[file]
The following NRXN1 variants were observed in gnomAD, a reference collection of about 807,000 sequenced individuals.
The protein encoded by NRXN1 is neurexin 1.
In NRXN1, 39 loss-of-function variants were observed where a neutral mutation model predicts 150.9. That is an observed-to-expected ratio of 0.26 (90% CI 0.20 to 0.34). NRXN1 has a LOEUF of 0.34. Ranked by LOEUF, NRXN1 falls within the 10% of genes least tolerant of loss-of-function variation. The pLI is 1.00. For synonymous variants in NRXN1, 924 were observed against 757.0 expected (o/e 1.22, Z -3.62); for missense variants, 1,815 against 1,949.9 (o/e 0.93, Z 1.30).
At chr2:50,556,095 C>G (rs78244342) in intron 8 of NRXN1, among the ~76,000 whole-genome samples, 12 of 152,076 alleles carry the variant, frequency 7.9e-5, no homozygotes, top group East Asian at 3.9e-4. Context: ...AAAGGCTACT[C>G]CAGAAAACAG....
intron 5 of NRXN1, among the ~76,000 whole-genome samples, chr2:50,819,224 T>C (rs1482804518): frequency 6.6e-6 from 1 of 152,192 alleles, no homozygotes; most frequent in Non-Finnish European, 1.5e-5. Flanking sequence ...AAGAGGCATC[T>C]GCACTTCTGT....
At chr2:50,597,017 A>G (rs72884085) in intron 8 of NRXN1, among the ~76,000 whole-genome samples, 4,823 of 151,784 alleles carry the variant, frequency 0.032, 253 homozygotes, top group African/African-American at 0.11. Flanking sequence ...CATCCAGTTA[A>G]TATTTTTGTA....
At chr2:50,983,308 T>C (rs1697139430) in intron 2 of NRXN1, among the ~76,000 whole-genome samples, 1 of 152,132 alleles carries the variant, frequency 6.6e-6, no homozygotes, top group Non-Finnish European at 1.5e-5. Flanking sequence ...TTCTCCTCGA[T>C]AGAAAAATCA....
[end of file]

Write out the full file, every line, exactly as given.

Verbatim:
The following NRXN1 variants were observed in gnomAD, a reference collection of about 807,000 sequenced individuals.
The protein encoded by NRXN1 is neurexin 1.
In NRXN1, 39 loss-of-function variants were observed where a neutral mutation model predicts 150.9. That is an observed-to-expected ratio of 0.26 (90% CI 0.20 to 0.34). NRXN1 has a LOEUF of 0.34. Ranked by LOEUF, NRXN1 falls within the 10% of genes least tolerant of loss-of-function variation. The pLI is 1.00. For synonymous variants in NRXN1, 924 were observed against 757.0 expected (o/e 1.22, Z -3.62); for missense variants, 1,815 against 1,949.9 (o/e 0.93, Z 1.30).
At chr2:50,556,095 C>G (rs78244342) in intron 8 of NRXN1, among the ~76,000 whole-genome samples, 12 of 152,076 alleles carry the variant, frequency 7.9e-5, no homozygotes, top group East Asian at 3.9e-4. Context: ...AAAGGCTACT[C>G]CAGAAAACAG....
intron 5 of NRXN1, among the ~76,000 whole-genome samples, chr2:50,819,224 T>C (rs1482804518): frequency 6.6e-6 from 1 of 152,192 alleles, no homozygotes; most frequent in Non-Finnish European, 1.5e-5. Flanking sequence ...AAGAGGCATC[T>C]GCACTTCTGT....
At chr2:50,597,017 A>G (rs72884085) in intron 8 of NRXN1, among the ~76,000 whole-genome samples, 4,823 of 151,784 alleles carry the variant, frequency 0.032, 253 homozygotes, top group African/African-American at 0.11. Flanking sequence ...CATCCAGTTA[A>G]TATTTTTGTA....
At chr2:50,983,308 T>C (rs1697139430) in intron 2 of NRXN1, among the ~76,000 whole-genome samples, 1 of 152,132 alleles carries the variant, frequency 6.6e-6, no homozygotes, top group Non-Finnish European at 1.5e-5. Flanking sequence ...TTCTCCTCGA[T>C]AGAAAAATCA....